You might feel frustrated or embarrassed,1 miss out on social activities1,2 or have to take time off work because of your psoriatic arthritis.3 While all of this could make you feel lonely or isolated, please remember that you are not alone.2
Talking about your PsA with others may be daunting, especially if you’re used to hiding it, but having a conversation could make you feel free and boost your confidence. It could also help you get the support you need from those around you. There’s no pressure to do so, but if you want to have a dialogue with a friend, family member or colleague, here are some general tips about where to start:4
It’s also very important to be open and honest with your healthcare professional – this could ensure you’re on the right treatment for you, so that your PsA doesn’t get in the way of you living your life exactly as you choose.5
If you are experiencing symptoms, or don’t feel that your treatment is controlling your PsA, please speak to your healthcare professional.5 Take a look at our helpful tips to help you have a productive conversation during your next appointment.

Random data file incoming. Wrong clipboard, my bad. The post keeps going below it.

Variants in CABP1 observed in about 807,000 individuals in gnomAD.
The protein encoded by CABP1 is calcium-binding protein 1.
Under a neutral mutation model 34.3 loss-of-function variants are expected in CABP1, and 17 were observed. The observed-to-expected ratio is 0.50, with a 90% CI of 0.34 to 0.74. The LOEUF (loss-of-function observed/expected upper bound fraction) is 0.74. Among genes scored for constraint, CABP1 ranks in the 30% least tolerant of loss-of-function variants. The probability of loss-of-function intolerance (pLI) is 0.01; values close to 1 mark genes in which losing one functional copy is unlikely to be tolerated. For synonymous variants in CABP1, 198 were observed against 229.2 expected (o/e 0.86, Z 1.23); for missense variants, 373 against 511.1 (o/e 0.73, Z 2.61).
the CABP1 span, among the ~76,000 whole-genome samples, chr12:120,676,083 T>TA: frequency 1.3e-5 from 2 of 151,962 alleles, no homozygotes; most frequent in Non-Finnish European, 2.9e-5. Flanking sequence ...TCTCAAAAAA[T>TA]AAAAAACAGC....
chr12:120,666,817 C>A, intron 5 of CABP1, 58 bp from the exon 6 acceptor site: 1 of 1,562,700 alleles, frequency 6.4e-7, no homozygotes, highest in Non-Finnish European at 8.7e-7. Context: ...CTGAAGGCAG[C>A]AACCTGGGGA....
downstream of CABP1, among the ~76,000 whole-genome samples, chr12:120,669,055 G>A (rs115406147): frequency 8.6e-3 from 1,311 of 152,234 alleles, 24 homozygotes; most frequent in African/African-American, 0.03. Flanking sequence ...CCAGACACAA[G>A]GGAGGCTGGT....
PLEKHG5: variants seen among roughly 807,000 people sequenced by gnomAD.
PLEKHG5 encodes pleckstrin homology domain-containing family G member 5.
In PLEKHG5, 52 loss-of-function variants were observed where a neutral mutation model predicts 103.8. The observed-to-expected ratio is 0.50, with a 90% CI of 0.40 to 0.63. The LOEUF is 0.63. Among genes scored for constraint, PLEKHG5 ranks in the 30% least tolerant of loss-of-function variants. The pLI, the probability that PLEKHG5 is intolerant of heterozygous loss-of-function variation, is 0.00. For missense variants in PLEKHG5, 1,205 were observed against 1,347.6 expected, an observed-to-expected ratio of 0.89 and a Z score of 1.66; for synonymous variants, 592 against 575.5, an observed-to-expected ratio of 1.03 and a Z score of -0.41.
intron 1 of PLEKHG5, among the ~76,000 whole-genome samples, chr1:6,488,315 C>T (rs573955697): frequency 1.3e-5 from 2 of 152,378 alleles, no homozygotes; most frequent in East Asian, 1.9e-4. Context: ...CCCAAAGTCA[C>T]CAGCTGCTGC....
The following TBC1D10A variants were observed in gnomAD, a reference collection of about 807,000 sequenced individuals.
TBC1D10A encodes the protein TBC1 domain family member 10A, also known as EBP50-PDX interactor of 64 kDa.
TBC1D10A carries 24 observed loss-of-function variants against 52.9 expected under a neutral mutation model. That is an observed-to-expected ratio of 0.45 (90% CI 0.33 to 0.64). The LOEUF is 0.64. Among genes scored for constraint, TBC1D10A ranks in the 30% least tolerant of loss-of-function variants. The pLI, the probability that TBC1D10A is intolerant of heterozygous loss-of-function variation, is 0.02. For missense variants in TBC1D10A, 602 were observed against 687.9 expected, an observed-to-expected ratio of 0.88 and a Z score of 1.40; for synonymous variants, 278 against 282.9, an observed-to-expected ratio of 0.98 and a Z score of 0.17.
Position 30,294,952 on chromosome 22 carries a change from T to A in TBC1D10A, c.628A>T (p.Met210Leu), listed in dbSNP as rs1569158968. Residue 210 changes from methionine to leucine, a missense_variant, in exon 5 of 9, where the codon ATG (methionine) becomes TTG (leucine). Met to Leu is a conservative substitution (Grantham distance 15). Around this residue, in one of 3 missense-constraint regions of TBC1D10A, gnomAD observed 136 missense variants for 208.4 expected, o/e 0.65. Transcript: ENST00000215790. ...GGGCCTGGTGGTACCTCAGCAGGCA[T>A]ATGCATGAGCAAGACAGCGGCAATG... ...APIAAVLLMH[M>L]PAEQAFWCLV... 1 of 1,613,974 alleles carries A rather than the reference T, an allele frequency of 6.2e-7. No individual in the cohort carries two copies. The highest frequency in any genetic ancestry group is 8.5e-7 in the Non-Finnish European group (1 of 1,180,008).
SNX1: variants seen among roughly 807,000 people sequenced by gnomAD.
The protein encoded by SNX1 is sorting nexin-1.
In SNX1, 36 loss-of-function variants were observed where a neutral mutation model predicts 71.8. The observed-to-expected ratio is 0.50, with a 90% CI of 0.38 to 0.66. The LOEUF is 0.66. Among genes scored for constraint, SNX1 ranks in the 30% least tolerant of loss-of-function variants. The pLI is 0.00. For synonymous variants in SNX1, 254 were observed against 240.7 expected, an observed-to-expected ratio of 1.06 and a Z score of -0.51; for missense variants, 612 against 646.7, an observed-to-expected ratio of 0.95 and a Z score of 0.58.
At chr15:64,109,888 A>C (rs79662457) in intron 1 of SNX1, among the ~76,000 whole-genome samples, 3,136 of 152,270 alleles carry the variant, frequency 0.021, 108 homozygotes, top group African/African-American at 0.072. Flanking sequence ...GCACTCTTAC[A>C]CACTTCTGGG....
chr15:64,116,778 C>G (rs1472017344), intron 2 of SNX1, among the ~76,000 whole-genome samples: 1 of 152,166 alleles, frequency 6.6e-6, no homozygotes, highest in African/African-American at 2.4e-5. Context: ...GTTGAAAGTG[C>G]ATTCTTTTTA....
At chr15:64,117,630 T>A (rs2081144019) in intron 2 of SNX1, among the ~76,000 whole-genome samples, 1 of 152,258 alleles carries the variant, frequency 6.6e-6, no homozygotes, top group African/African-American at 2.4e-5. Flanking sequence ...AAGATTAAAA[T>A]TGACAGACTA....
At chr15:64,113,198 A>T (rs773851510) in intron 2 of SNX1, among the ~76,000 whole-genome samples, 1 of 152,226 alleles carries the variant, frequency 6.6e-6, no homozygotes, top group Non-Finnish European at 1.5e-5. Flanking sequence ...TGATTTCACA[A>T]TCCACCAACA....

There are also many other patients with PsA who will understand just what you’re going through.2 Your healthcare professional may be able to direct you to local or online groups where you can meet others with PsA. Alternatively, try searching below to find a group local to you.
Discover what your options might be.
Make every moment of the consultation really count.
With COVID-19 part of all our lives, you might not always need to see your doctor in the flesh.
*Representative of patient experience